April 24, 2015

A mother who opts her kid out of standardized testing is condemning him to a life of dismal underachievement.

I'm "reading" the photograph that accompanies a NYT article, "Only Alternative for Some Students Sitting Out Standardized Tests: Do Nothing." The article is ostensibly about the "sit and stare" policy at some schools, which makes kids who opt out sit at their desks with nothing at all to do. You can see the point of the policy: to create pressure not to opt out. That policy seems to be failing because the opters-out were able to make an issue out of the "sit and stare" policy. The idea was to undercut them, not empower them. Unintended consequences. Time for a new policy. The new policy is: Let the kids who don't take the tests leave the classroom and go to the library to do other things.
“They’re being snarky,” Mr. Burns said of some students who refused the test. Saying, ‘Ha-ha, I don’t have to take the test!’ as they’re leaving the room. Or ‘Good luck on the test!’ in that derogatory tone.
Oh, no! The new policy also creates opportunities for those whose power was supposed to be undercut. How can we get the non-test-takers to leave the room without expressing any indication that they're pleased to get out? You can't, of course. How dare they manifest snark? Mr. Burns is, presumably, hoping to iron out any flashes of emotion in the rebel kids. The kids who stay in the room and take the tests must not see that the alternative is desirable.

Anyway, I'm fascinated by the picture they chose to put at the top of the article. It has the caption: "Angie Carnright made shirts for her son Blake, a fifth grader in upstate New York, to wear on test days. They say: 'I refuse NYS Tests. Score Me 999,' the code indicating a student opted out." I'm sure there were many alternative photographs in which the boy showed off the T-shirt, but in this one, he's sitting on the porch step, leaned over, arms crossed, hiding the words on the shirt. I thought that was odd, and it drew me into all the details in the photograph and how it was framed. The mother is sitting next to him, with a complacently smug look on her face. I'll refrain from commenting on her clothes, her hair, and her lack of makeup. The picture seems deliberately framed to draw our eyes to the dilapidated wood of the porch and the mishmash of junk — a trash can, a snow shovel, a pair of boots (not upright or aligned), and...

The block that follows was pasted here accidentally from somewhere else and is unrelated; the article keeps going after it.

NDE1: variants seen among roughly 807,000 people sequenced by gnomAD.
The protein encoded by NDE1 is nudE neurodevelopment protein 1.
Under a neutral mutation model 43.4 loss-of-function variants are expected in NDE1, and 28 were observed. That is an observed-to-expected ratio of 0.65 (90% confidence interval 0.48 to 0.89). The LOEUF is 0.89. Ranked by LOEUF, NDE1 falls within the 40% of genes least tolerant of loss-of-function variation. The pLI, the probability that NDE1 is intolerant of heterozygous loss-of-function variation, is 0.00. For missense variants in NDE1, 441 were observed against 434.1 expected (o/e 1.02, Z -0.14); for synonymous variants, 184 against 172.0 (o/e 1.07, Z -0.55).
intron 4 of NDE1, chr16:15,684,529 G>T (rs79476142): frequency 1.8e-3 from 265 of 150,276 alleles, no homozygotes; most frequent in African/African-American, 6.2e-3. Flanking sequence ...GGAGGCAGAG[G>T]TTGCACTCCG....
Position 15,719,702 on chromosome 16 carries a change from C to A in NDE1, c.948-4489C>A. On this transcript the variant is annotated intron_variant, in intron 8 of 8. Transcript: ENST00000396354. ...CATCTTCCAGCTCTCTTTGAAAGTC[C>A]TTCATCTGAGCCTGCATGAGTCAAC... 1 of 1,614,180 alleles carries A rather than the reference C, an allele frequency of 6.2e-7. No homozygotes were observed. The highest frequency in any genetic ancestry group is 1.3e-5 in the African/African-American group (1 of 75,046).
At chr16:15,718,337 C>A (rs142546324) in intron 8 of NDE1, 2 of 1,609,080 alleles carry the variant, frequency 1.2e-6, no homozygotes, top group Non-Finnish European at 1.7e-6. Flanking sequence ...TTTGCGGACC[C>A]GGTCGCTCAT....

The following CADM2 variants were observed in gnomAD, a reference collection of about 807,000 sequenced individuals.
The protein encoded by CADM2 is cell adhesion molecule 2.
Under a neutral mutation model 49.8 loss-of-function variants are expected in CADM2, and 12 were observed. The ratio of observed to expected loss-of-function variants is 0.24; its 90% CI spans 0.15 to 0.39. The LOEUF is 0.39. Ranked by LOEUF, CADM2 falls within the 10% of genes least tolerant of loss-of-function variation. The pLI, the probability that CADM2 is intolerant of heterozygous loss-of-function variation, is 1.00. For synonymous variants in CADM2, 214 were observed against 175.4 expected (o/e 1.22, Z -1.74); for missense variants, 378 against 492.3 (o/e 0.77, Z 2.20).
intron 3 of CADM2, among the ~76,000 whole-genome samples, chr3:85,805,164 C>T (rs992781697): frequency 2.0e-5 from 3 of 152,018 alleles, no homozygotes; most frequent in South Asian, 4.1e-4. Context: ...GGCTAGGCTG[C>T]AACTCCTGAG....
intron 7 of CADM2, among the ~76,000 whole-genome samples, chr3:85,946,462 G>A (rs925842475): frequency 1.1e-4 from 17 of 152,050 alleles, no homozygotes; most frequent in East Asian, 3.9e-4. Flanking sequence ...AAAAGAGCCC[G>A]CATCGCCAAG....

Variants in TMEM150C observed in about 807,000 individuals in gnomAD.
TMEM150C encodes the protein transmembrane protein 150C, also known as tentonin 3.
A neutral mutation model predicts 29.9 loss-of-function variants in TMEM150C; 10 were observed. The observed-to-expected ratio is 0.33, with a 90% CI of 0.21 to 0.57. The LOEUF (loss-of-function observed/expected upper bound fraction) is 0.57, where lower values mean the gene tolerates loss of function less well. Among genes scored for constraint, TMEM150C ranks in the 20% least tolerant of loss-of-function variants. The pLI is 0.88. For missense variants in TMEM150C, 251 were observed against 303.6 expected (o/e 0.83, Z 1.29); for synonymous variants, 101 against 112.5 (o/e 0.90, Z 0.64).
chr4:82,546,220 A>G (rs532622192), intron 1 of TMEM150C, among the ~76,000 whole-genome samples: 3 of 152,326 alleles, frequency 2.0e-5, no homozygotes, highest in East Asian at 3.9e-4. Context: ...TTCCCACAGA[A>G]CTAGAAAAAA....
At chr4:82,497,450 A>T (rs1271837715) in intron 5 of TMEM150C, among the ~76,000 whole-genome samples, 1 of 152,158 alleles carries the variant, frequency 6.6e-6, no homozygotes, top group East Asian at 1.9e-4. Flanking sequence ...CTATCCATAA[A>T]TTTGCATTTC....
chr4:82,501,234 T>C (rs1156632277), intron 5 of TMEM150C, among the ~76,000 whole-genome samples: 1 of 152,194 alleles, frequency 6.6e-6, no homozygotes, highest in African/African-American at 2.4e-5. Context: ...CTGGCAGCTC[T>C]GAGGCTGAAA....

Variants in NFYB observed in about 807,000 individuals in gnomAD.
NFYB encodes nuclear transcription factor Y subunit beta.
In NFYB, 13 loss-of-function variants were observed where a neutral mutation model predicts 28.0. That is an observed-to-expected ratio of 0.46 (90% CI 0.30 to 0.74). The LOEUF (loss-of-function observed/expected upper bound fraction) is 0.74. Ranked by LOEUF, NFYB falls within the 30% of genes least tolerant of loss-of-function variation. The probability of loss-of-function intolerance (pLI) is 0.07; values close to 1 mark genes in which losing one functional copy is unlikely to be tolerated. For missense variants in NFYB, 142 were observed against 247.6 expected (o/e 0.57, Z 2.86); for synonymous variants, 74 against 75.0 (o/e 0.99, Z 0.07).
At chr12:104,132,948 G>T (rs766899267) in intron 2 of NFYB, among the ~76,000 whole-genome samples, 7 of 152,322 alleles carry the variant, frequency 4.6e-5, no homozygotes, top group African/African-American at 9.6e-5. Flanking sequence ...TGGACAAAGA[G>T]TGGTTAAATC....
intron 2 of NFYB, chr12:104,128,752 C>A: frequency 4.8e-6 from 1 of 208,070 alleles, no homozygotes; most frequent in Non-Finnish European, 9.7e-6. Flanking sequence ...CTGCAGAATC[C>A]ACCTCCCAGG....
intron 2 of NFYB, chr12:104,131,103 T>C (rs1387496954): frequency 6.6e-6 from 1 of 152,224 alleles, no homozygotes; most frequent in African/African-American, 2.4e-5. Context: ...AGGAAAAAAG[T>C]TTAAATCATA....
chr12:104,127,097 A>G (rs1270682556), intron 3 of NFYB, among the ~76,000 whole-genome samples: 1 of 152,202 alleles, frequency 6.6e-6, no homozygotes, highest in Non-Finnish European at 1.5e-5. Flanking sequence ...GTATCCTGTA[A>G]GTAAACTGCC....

... what is that? Poop on a scoop?! That's right at the edge of the photograph, and as a framer and cropper of photographs myself, I am virtually certain that edge was chosen. As a reader of journalism, including journalistic photographs, I'm going to opine that the picture expresses an editorial opinion: A mother who opts her kid out of standardized testing is condemning him to a life of dismal underachievement.

IN THE COMMENTS: sydney said:
My favorite New York Times photo editorializing. The photos completely undercut the premise of the whole article which was from the point of view of the rich woman who was buying the baby, er, renting the womb.
Amazing. Porches loom large there too.

65 comments:

Terry said...

A mother who does not opt her kid out of standardized testing is condemning him to a life of fruitless overachievement."

surfed said...

I have sat there behind my teacher desk and watched, over the years, numerous students "Christmas tree" those tests. Done in three minutes max. I always gave them the advice that if Christmas treeing choose b or c.

MadisonMan said...

Were I the parent opting the kid out of testing, I'd yank them from school and do something interesting with them. That's a better option than sitting and staring.

I'm not that opposed to testing, FWIW. Students do have to learn how to take tests, after all, as it is part of any educational experience. The more tests they can take, and learn how to take them successfully, the better. Up to a point, I guess.

Sean Gleeson said...